Study debunks Gulf War illness

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The Independent Online
THE MOST definitive study yet of soldiers returning from the 1991 Iraqi war has failed to find evidence of a Gulf War Syndrome. But British soldiers who served in the Gulf during the war did suffer much higher levels of illness than their compatriots who served in Bosnia or who stayed at home.

The finding, by researchers at a London medical school, provides the first clear proof that going to the Gulf did damage the health of soldiers - even though it has proved impossible to identify any specific illness or any specific cause. The results showed they suffered two to three times more illness than the other groups.

Gulf War Syndrome has been the subject of intense controversy, with veterans' associations on both sides of the Atlantic accusing the military of ignoring the evidence and the plight of sufferers.

More than $115 million (pounds 72m) has been spent researching the syndrome in the United States alone. The latest pounds 1m study, published in two papers in The Lancet, was funded by the US Department of Defense to see if other countries' experience had been the same as America's. Over 50,000 British troops served in the Gulf and the findings are based on a random sample of 3,000.

The symptoms they reported - which ranged from mild fatigue and headaches to severe urinary and sexual problems and double vision - were little different from those reported by soldiers involved in every other war in the past 100 years. It was the scale of those affected that was different - but that could be because so few Allies were killed in the Gulf War there was more opportunity to focus on the problems of the survivors.

Professor Simon Wessely, consultant psychiatrist at King's College Medical School, who led the study with Professor Tony David, said the most likely explanation for the findings was that the experience of war damaged health independent of any injury suffered in fighting. Although this might seem obvious, the carnage of previous wars could have obscured a transparent truth.

One of the strengths of the study was that it compared soldiers in the Gulf, who fought battles with the enemy and were exposed to the threat of chemical and biological weapons, with those in Bosnia, who were involved in skirmishes but did not face the same multiplicity of hazards. A third group were on active service but remained at home.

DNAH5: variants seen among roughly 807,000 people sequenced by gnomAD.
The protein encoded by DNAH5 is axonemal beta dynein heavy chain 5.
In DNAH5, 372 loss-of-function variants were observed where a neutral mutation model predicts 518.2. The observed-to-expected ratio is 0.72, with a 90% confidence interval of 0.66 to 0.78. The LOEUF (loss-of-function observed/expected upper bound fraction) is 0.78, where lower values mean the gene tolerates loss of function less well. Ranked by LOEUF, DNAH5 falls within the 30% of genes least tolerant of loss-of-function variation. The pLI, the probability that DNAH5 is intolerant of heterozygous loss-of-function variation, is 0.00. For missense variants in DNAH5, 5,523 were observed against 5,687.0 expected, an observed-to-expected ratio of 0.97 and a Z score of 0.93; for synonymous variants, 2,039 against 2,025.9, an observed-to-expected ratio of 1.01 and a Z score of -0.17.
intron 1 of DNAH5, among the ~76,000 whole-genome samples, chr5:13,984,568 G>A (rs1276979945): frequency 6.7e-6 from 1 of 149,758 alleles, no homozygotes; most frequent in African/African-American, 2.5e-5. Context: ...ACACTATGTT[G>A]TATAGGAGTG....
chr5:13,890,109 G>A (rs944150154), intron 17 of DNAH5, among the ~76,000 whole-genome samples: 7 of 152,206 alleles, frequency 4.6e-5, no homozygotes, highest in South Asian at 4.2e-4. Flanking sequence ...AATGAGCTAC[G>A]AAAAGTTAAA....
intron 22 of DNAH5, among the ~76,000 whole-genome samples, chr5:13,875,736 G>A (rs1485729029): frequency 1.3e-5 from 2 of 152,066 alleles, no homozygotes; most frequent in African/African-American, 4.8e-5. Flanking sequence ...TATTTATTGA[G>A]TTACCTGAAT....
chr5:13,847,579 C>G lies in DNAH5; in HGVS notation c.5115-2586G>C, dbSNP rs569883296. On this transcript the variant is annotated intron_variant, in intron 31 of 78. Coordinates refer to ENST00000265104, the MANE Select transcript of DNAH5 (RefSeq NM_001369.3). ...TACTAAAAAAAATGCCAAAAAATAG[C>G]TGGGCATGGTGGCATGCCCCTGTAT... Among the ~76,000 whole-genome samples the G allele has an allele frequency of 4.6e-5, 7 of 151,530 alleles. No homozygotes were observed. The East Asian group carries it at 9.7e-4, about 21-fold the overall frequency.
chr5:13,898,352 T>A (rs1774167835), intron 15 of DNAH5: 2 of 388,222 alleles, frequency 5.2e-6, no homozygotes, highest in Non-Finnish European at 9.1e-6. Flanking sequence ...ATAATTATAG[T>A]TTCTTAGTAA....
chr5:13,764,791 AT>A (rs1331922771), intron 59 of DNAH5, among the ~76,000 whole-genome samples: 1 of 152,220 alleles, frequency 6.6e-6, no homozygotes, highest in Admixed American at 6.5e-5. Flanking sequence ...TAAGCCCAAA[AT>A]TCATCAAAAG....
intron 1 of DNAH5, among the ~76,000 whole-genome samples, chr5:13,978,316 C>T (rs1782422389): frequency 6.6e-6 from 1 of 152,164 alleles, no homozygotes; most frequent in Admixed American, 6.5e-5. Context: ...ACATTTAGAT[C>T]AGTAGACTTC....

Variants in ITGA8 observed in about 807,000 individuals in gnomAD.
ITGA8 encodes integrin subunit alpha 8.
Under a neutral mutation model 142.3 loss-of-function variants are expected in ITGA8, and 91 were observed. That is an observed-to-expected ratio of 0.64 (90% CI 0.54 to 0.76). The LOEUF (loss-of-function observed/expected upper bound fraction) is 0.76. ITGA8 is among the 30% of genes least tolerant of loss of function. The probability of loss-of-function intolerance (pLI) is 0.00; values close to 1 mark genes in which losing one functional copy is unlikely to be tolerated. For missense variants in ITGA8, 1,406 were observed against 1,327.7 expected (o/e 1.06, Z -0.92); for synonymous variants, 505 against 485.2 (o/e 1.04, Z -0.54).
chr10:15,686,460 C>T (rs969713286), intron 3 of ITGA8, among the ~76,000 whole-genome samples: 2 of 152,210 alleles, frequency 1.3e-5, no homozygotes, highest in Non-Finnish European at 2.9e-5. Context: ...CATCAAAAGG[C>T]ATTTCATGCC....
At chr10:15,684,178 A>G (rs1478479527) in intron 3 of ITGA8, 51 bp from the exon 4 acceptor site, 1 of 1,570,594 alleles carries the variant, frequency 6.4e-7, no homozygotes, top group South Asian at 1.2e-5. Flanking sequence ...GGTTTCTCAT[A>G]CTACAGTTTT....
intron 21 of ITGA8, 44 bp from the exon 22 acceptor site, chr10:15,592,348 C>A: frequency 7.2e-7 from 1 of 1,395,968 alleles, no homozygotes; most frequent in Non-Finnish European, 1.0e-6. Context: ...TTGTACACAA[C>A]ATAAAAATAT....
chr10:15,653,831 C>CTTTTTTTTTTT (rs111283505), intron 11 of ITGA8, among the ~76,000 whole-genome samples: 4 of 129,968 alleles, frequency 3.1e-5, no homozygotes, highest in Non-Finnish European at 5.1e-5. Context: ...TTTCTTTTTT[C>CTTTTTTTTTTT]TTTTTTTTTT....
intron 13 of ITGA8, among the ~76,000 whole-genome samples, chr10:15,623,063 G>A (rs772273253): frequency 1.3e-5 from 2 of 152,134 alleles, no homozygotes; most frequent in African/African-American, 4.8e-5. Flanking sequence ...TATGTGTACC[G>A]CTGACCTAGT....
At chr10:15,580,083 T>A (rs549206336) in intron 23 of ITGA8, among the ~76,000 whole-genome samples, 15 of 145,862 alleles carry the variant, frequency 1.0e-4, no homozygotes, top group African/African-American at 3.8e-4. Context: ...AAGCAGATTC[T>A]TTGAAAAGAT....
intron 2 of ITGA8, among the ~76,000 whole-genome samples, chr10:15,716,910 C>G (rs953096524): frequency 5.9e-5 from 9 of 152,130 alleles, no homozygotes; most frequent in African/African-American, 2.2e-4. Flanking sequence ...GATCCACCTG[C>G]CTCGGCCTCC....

Professor Wessely added: "The Gulf was more hazardous. Modern warfare is extremely dangerous physically and psychologically to the individual. Although we may not be able to prevent these effects, we should be better prepared to monitor [the soldiers] and care for them afterwards. We have to expect that people involved in modern wars will be at risk from these sorts of illnesses."

Speculation about the causes of illness among Gulf veterans has centred on chemical and biological warfare and the measures, including vaccines, administered to protect soldiers against it.

Although both Bosnian and Gulf soldiers received multiple vaccinations against common infections, only the Gulf group was vaccinated against the biological threats of anthrax and plague - 70 per cent against the first and 35 per cent against the second.

The researchers found those who had the biological vaccines suffered more ill health but the effect was less than that of drinking local water. Those who had multiple vaccines also reported more symptoms, but only in the Gulf. The researchers suggest the explanation could be a mix of immunological and psychological effects.

Flight Lieutenant John Nichol, chairman of the Gulf War Veterans' branch of the Royal British Legion, called for a public inquiry. He said: "We welcome this report. It at last confirms what we have been saying for seven years. It is sad that it has taken an American-funded study to prove their claims were genuine." He added: "Now we need to know why they are ill so that we can help them and ensure this doesn't happen again."

Conflict Symptoms

Report on First World War veterans, The Lancet:

"Over 50,000 British, Canadian and American troops returned from battle as changed men. Once-vital young men who left to engage a foreign tyrant began to complain of breathlessness, grinding fatigue, irritability, headache, insomnia, and paraesthesias, rendering 70 per cent of them unfit for further duty."

Report on Gulf War veterans, published in latest issue of The Lancet:

"Veterans... report higher rates of many symptoms and disorders and have a decreased perception of wellbeing... About three times more likely to fulfil criteria for chronic fatigue, post-traumatic stress reaction, or the CDC multi-syndrome criteria."